Home Saver's Blog


Foreclosure Process for North Dakota (ND)

If you live or own a home in North Dakota and are facing foreclosure, please see below for the step-by-step process.


When you develop a definite plan of action with well-timed, well-informed steps, you can stop the foreclosure process and save your home. We have outlined the foreclosure process for the state of North Dakota.

The Process

In North Dakota, a lawsuit may be brought in District Court for foreclosure or for satisfaction of a mortgage on real estate. Prior to bringing any lawsuit, the lender must give the borrower no less than 30 days advance notice of the lenders intent to foreclose. This notice must be sent no later than 90 days before the suit is filed.

The notice must contain:

  • a description of the real estate
  • the date and amount of the mortgage
  • the amount due for principal, interest and taxes paid by the lender, stated separately
  • a statement that if the amount due is not paid within 30 days from the date of mailing or service, then a lawsuit will be filed to foreclose

The notice must also state the time period for redemption, which is either one year, or, for small tracts with substantial balances and the properly worded mortgages, six months.

The notice must be served by registered or certified mail addressed to the owner of record at the post office address shown on the mortgage or recorded by the register of deeds. The notice may be served personally in the same manner as a lawsuit. A U.S. Post Office registry return receipt showing the envelope was delivered to the title owner is evidence the owner received it. If the borrower brings in the missing payments any time within 30 days after receipt of the notice, the loan must be reinstated.

North Dakota law requires the lawsuit paperwork to include several allegations that are unusual. First, North Dakota law requires the attorney bringing the suit to hold a power of attorney to act on behalf of the lender. The lawsuit itself should allege this is so. Second, the lender must also declare in the original lawsuit whether or not the lender will pursue a deficiency judgment against the borrower if the foreclosure sale does not bring in enough money to pay off the outstanding loan balance. The lender may not ask for a deficiency in the foreclosure suit if it has already brought another suit just to collect on the loan. If the borrower can bring in the missed payments plus foreclosure costs before the decree of sale is issued by the court, then the lender's lawsuit to foreclose must be dismissed.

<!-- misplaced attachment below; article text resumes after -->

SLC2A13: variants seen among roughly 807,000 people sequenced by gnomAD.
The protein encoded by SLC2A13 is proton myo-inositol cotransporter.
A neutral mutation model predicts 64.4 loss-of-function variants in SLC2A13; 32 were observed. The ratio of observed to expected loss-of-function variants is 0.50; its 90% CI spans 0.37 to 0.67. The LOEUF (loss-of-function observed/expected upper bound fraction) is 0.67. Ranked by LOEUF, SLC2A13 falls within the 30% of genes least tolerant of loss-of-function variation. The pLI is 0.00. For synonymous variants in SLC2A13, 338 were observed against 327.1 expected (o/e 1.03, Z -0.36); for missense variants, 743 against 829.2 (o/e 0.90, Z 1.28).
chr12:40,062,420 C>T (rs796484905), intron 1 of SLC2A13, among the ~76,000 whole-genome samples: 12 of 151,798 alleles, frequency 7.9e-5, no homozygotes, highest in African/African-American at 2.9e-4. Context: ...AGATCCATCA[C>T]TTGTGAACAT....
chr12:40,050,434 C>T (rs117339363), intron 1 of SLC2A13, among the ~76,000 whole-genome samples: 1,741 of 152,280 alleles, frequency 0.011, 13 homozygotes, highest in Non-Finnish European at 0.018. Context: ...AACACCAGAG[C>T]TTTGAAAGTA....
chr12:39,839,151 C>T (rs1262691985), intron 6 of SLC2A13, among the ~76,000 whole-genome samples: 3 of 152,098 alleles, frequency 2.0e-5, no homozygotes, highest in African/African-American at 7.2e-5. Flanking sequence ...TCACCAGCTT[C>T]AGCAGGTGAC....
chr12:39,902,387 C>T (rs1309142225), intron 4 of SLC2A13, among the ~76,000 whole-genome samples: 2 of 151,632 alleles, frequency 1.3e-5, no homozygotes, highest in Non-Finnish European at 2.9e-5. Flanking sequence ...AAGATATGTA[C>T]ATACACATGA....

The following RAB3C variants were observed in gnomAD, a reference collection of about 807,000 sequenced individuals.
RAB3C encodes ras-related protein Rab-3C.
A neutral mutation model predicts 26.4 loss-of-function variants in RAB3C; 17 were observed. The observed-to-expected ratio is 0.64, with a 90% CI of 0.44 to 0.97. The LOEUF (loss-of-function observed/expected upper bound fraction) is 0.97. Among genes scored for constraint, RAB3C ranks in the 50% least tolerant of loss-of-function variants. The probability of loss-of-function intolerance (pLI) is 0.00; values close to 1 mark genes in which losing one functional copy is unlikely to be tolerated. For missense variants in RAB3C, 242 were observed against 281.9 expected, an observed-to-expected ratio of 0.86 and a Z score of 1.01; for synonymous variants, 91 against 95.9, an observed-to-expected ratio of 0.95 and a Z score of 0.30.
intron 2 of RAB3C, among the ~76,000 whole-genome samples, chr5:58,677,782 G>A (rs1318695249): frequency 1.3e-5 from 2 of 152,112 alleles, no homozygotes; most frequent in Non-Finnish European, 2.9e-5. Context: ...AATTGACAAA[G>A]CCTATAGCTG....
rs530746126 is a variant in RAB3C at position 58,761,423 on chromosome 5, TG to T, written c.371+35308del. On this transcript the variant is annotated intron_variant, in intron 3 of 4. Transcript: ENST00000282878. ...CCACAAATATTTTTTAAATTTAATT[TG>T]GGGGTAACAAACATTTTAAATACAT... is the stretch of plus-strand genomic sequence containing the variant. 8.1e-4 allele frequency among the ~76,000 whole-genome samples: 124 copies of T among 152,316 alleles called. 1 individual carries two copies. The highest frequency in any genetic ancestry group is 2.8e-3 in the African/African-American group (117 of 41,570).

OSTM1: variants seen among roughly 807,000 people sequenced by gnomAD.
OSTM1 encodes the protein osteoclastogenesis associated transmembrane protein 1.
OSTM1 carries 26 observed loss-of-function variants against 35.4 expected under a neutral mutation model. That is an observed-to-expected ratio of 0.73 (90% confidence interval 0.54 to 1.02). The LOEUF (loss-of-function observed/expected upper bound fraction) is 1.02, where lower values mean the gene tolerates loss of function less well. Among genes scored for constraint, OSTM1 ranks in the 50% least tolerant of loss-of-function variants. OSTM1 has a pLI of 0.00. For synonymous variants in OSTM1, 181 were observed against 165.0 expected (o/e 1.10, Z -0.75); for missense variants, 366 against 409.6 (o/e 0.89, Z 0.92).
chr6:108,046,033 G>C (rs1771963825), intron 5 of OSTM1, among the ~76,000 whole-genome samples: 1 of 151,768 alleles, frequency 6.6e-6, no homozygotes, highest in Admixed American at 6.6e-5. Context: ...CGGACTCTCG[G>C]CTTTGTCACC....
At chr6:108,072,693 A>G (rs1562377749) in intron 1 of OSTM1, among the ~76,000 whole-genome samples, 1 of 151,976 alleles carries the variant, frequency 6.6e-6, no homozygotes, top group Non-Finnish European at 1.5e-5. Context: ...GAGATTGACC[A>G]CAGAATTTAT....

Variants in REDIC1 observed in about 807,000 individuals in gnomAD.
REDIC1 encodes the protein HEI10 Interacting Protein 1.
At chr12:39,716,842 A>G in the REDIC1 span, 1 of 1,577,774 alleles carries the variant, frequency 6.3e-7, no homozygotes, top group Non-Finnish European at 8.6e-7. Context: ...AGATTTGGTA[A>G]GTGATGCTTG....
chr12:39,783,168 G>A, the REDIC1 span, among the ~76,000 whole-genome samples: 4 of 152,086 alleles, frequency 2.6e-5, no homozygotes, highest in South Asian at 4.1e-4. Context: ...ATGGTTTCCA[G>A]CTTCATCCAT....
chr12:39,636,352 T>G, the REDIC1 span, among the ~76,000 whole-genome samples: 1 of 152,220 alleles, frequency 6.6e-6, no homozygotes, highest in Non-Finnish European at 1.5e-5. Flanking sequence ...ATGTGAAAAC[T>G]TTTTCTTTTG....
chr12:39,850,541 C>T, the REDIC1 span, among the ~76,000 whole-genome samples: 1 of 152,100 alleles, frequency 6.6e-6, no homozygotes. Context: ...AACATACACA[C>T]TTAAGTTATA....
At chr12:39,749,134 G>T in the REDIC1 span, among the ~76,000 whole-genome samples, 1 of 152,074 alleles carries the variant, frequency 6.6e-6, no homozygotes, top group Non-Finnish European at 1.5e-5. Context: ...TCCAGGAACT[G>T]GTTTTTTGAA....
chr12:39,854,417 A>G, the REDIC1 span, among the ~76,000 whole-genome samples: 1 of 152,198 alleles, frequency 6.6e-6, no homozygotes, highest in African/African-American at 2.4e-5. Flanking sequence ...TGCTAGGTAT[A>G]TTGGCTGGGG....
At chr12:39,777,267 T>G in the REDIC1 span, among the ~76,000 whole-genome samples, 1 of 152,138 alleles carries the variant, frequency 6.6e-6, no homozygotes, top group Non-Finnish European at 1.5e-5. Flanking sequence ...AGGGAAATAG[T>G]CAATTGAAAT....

All sales must be made by the sheriff or deputy of the county where the judgment is rendered. The sale must take place in the county where the land is located. The sale will normally be at the courthouse or another place designated by the trust deed. Whenever the real estate is sold at foreclosure, the sheriff or deputy must give the buyer a certificate of sale, and at the expiration of the redemption time period, a deed must be given to the buyer. The lender cannot obtain possession during the redemption period. However, the lender can obtain a court injunction barring the borrower from committing waste against the property during the redemption period if the borrower continues to occupy the premises. Any cash surplus from the sale, beyond that needed to pay off the mortgage and the foreclosure costs, must be paid to the borrower.


The normal redemption period is one year. One year from the sale, if the borrower can come up with the balance due on the loan, plus costs, the property can be redeemed. Property sold at foreclosure can be redeemed not only by the borrower, but by a creditor who holds a lien against the property. A creditor who wants to redeem is called a redemptionor. Interestingly, one redemptionor can redeem from another redemptionor who took title by redemption. Each redemptionor must wait 60 days after the last redemption. The amount paid to redeem must be the amount of the original purchase price with interest as stated in the original loan documents or the one on which foreclosure took place. In either case, the amount should elude the foreclosure costs, plus taxes and insurance.

Short-Term Redemption

The short-term redemption time period is six months. In order to claim short-term redemption, the mortgage must contain the following wording:

"The parties agree that the provisions of the short-term mortgage redemption act shall govern this mortgage."

The mortgage should also contain (in capital letters) the words,


The area covered must be ten acres or less. Short-term redemption is available if the amount claimed upon the mortgage before foreclosure is more than 66 2/3 percent of the original indebtedness secured by the mortgage.


The North Dakota courts have the power to postpone an entry of judgment in foreclosure proceedings if the balance owed on the loan is less than the market value of the property. These provisions are applicable to persons who would be deprived of a home.

Trustee for Commercial Property

Commercial property in North Dakota may be placed in the charge of a trustee pending the expiration of the period of redemption. The trustee can take possession of the premises; pay utilities, taxes and insurance; receive rentals                                                                                        from tenants and evict them if they don't pay.

Helpful Links

How to Avoid Loan Modification / Loss Mitigation Scams

Loan Mitigation Services FAQ's

Investors Facing Foreclosure

Why won't my lender won't work with me?


C Thompson




C Thompson

Account Manager

Call me: 

Fax: 206-203-1890

Email me: keepyourproperty911@gmail.com


Comment balloon 0 commentsCallie Thompson • October 21 2008 11:08PM